detention centers

'The Children Come': A New Hymn on the Exodus of Children from Central America to the U.S. Border

Children playing at sunset in Cherrapunjee, Meghalaya, India. Image: Seema Krishnakumar/Flickr

This new hymn is inspired by the crisis in Central America that has caused over 70,000 children to take the dangerous journey to the United States in recent months. Carolyn Winfrey Gillette has led many mission trips to Honduras for the past sixteen years. The brother of a child that Carolyn sponsored in Honduras was recently killed there.

The hymn’s reference to “On one boy’s belt, a number carved in leather” is from a news report ("Boy's Death Draws Attention Immigration Perils") of a body of a dead child found with his brother’s phone number on his belt.

“As angry crowds are shouting, “Go away!” comes from the news reports of Americans yelling at the detained children on buses in Murrieta, California. Jim Wallis of Sojourners reflects on this incident in his powerful online essay “The Moral Failure of Immigration Reform: Are We Really Afraid Of Children?" Biblical references in the hymn are Matthew 25:31-46 and Matthew 19:14-16.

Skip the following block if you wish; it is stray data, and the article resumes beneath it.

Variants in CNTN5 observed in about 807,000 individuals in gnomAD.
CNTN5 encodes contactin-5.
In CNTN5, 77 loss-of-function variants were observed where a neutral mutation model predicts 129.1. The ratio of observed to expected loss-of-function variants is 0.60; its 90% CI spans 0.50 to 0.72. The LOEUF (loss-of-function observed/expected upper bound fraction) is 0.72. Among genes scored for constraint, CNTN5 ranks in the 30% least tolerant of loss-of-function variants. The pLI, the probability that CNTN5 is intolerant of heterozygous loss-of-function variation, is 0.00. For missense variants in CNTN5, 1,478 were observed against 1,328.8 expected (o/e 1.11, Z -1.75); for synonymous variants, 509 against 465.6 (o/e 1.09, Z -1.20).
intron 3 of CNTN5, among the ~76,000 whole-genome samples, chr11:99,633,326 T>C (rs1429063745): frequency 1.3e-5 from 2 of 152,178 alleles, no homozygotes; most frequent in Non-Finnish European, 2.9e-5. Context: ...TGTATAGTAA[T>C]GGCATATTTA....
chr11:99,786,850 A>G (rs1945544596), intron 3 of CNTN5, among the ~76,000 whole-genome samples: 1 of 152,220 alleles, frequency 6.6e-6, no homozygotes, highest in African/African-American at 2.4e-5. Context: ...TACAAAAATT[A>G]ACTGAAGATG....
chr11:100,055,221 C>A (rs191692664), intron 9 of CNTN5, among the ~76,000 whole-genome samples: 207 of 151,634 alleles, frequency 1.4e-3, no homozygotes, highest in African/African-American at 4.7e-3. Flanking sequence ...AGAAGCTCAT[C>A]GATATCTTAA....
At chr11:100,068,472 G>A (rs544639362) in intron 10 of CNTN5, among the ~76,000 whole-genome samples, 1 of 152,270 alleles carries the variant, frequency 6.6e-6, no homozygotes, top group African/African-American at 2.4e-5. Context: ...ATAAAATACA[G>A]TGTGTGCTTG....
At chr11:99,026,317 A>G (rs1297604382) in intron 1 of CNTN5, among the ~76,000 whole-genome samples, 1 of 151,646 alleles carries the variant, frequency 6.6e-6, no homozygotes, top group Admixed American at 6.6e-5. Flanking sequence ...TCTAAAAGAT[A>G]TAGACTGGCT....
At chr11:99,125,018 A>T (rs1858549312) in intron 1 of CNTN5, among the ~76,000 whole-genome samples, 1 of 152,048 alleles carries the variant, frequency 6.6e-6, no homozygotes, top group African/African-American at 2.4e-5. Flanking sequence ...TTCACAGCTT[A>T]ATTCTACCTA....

MAP: Detention Facilities in the U.S.

The United States currently maintains 34,000 beds and spends nearly $2 billion a year to detain immigrants, according to the ACLU and Detention Watch Network.

These individuals, like the Guatemalan grandmother described in Patty Kupfer's article “Waiting for a Miracle” (Sojourners, April 2014), are, for the most part, not criminals. Yet, 11 million immigrants in the U.S. are forced to live in the shadows and are at risk of deportation.

The following map shows the addresses of the 250 facilities and jails that the U.S. Immigration and Customs Enforcement agency uses to detain and deport immigrants. Many thanks to Detention Watch Network for helping us with the research of this map.

Map credits: Kara Lofton and Elaina Ramsey

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